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    5. Academician Marov in his last article spoke about the only ..

    Technology

    Academician Marov in his last article spoke about the only civilization in the Galaxy

    The work of an outstanding scientist on the origin of life was published after his death

    The latest article by Academician of the Russian Academy of Sciences Mikhail Marov, published not so long ago in the scientific Astronomical Journal and until recently unknown to a wide circle of readers, is devoted to how life could have appeared on our planet and whether it exists beyond the earth’s borders. The scientist who headed the department of planetary research and cosmochemistry of the Geochemical Institute of the Russian Academy of Sciences left us last year, and left us as a legacy the program article “Astronomical and cosmochemical aspects of the problem of the origin of life.”

    Mikhail Marov. Photo: Russian Academy of Sciences

    The topic under discussion, according to Marov, is interdisciplinary and belongs to the most fundamental areas of modern natural science. For example, to astrobiology related to astronomy and cosmochemistry. New ground-based and space instruments used by astrobiologists open up opportunities to observe cosmic molecular clouds, circumstellar gas and dust protoplanetary disks – the “cradle of life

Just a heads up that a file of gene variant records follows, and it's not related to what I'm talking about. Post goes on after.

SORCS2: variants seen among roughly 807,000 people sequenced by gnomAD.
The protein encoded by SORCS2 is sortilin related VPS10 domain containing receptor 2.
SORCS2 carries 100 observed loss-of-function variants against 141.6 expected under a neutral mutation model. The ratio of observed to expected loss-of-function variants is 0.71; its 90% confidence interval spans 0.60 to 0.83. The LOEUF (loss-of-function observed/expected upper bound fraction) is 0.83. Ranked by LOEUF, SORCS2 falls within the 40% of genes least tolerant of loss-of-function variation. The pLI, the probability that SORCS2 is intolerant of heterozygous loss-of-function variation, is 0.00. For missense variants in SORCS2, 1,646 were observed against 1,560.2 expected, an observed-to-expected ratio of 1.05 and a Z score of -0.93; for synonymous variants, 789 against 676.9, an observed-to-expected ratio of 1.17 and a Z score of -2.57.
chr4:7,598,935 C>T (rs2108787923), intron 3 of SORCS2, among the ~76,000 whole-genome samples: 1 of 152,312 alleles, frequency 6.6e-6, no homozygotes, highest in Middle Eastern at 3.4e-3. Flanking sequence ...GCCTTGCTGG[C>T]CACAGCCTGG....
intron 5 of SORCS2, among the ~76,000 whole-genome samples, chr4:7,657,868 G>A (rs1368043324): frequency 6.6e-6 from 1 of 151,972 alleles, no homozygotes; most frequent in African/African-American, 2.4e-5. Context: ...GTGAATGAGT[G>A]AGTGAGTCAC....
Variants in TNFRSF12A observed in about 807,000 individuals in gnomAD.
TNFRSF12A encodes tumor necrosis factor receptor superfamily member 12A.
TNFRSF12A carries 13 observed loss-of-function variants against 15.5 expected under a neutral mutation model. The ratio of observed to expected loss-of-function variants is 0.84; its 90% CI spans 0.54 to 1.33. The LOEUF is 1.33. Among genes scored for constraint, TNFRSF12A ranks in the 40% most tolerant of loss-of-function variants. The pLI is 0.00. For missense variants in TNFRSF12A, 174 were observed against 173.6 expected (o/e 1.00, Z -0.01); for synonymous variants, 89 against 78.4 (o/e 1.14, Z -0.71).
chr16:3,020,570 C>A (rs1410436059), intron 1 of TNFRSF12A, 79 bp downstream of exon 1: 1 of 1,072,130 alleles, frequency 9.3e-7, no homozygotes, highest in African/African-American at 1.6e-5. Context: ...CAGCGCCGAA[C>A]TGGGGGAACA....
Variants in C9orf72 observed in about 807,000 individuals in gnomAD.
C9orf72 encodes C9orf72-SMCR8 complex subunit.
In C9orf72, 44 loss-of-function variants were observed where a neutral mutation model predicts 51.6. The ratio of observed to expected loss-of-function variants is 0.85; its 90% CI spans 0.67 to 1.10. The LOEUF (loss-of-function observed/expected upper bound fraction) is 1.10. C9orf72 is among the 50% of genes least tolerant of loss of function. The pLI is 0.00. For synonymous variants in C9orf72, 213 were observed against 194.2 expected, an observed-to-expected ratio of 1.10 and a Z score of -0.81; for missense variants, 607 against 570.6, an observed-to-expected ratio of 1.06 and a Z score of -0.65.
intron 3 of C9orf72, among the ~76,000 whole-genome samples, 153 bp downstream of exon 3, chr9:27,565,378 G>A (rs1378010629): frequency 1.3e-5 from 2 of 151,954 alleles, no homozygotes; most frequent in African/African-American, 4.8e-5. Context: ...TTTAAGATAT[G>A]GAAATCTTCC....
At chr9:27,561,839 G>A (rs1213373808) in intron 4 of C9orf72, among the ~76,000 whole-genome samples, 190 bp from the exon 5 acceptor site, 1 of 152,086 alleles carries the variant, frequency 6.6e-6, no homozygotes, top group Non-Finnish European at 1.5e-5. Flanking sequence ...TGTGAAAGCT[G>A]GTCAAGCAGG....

Mikhail Yakovlevich explains, which allows for two options for the origin of life on the planet: through abiogenesis (the emergence of living beings from inorganic substances present on Earth) and panspermia (the origin of life as a result of its introduction from outer space).

    Abiogenesis could have arisen in early geological eras, as the founder of geochemistry Vladimir Vernadsky said, “in the process of the geological circulation of substances.” According to Marov, warm, shallow ponds or underwater volcanoes could be likely sources of the “prebiotic compounds.” They could provide the basis for the processes of metabolism, copying and transmission of genetic information.

    Prebiological evolution of organic compounds on Earth in the Early Archean, preceding the formation of the biosphere.

    However, Marov argues, another source of life on Earth is quite possible – it is brought from space. The possibility of the panspermia effect is proven today by meteorites, in which scientists discover the “building blocks of life” – amino acids, and even fossils of supposed primary cellular organisms. There is also a third idea – about the possibility of combining abiogenesis and panspermia in the processes of the origin of life, which was shared by Vernadsky.

    But what kind of complex mechanism launched the energy so that all the components available or that came to Earth from space evolved and functioned on our planet? “We are still far from understanding the foundations of the origin and sustainable functioning of a living system,” writes Marov. “Obviously, these processes occurred at the molecular level in the general evolutionary “arrow of time.”